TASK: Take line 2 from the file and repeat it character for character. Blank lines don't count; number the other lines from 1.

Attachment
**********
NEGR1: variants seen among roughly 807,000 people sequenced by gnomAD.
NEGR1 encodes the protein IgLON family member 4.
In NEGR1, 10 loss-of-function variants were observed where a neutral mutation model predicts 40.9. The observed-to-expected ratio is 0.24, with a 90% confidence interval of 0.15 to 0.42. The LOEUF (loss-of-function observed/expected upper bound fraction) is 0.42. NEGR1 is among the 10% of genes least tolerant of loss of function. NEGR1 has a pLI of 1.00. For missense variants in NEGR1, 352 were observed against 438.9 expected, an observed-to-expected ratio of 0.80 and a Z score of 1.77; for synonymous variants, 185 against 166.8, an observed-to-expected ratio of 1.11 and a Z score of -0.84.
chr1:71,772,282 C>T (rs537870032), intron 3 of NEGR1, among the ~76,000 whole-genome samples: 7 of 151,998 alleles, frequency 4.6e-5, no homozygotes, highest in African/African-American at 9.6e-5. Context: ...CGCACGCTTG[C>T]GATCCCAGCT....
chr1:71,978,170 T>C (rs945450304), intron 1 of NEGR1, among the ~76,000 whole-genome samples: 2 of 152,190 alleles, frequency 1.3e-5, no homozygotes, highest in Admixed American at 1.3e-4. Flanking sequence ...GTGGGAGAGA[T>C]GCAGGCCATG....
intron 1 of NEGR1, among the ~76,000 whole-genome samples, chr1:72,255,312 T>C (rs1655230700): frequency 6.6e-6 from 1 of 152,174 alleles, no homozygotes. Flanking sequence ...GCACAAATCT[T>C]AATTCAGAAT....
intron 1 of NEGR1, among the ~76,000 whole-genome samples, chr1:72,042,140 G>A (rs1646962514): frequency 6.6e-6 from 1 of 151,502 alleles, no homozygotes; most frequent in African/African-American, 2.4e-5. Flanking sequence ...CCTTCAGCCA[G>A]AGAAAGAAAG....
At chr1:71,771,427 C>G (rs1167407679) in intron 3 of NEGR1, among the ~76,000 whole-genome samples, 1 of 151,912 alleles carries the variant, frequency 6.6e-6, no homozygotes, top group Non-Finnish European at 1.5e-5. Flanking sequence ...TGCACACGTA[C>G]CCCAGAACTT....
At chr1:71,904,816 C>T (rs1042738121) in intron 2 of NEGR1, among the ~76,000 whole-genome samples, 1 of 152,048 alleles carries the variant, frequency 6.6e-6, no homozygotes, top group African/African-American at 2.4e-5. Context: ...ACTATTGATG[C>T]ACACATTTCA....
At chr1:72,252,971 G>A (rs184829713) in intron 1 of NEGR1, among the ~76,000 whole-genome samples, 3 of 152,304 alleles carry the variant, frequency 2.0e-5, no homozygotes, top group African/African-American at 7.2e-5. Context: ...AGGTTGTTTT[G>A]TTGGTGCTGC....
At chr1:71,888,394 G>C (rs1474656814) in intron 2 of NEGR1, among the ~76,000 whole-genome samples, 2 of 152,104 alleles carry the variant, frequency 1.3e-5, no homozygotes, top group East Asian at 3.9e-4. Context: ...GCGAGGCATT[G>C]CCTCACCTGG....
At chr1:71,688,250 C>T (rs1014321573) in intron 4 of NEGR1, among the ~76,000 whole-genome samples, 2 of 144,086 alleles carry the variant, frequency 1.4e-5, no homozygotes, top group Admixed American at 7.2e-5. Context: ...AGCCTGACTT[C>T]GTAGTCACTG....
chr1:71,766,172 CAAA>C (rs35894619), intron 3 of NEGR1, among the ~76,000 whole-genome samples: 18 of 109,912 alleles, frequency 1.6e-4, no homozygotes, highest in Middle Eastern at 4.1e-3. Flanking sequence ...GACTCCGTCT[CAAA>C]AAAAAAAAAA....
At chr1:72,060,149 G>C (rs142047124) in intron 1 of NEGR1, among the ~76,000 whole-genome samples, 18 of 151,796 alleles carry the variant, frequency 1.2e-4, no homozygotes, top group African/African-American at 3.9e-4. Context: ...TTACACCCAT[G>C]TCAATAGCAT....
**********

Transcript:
NEGR1 encodes the protein IgLON family member 4.